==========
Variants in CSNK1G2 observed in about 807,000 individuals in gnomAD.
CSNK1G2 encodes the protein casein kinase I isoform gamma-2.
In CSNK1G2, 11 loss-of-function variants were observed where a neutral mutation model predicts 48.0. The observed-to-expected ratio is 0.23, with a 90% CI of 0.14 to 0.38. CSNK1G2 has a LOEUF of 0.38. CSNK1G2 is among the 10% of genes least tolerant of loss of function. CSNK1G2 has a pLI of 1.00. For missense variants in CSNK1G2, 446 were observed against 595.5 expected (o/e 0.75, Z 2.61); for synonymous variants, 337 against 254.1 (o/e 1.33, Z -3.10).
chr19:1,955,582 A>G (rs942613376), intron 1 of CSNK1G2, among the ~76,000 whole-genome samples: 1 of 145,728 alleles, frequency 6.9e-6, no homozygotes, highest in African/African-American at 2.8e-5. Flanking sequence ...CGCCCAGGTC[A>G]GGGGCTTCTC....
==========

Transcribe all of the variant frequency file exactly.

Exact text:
Variants in CSNK1G2 observed in about 807,000 individuals in gnomAD.
CSNK1G2 encodes the protein casein kinase I isoform gamma-2.
In CSNK1G2, 11 loss-of-function variants were observed where a neutral mutation model predicts 48.0. The observed-to-expected ratio is 0.23, with a 90% CI of 0.14 to 0.38. CSNK1G2 has a LOEUF of 0.38. CSNK1G2 is among the 10% of genes least tolerant of loss of function. CSNK1G2 has a pLI of 1.00. For missense variants in CSNK1G2, 446 were observed against 595.5 expected (o/e 0.75, Z 2.61); for synonymous variants, 337 against 254.1 (o/e 1.33, Z -3.10).
chr19:1,955,582 A>G (rs942613376), intron 1 of CSNK1G2, among the ~76,000 whole-genome samples: 1 of 145,728 alleles, frequency 6.9e-6, no homozygotes, highest in African/African-American at 2.8e-5. Flanking sequence ...CGCCCAGGTC[A>G]GGGGCTTCTC....